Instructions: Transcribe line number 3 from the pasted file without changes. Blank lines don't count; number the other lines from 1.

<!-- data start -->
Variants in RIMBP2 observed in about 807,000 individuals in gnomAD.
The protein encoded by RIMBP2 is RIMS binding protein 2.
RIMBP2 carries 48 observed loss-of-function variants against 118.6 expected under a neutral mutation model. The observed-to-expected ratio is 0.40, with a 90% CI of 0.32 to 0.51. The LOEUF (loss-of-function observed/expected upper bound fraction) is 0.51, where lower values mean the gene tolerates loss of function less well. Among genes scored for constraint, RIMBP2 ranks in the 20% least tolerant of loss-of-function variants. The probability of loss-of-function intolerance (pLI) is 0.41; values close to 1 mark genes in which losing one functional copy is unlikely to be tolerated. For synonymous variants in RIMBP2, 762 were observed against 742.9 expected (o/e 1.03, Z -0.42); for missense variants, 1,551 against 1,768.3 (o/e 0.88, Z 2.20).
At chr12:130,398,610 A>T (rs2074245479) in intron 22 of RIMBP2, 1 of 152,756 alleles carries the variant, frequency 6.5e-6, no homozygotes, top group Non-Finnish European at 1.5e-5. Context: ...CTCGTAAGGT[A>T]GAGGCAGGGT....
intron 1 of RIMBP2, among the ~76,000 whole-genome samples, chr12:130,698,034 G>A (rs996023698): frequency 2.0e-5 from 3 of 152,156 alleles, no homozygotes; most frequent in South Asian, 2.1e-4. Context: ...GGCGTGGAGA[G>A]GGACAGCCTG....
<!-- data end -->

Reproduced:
RIMBP2 carries 48 observed loss-of-function variants against 118.6 expected under a neutral mutation model. The observed-to-expected ratio is 0.40, with a 90% CI of 0.32 to 0.51. The LOEUF (loss-of-function observed/expected upper bound fraction) is 0.51, where lower values mean the gene tolerates loss of function less well. Among genes scored for constraint, RIMBP2 ranks in the 20% least tolerant of loss-of-function variants. The probability of loss-of-function intolerance (pLI) is 0.41; values close to 1 mark genes in which losing one functional copy is unlikely to be tolerated. For synonymous variants in RIMBP2, 762 were observed against 742.9 expected (o/e 1.03, Z -0.42); for missense variants, 1,551 against 1,768.3 (o/e 0.88, Z 2.20).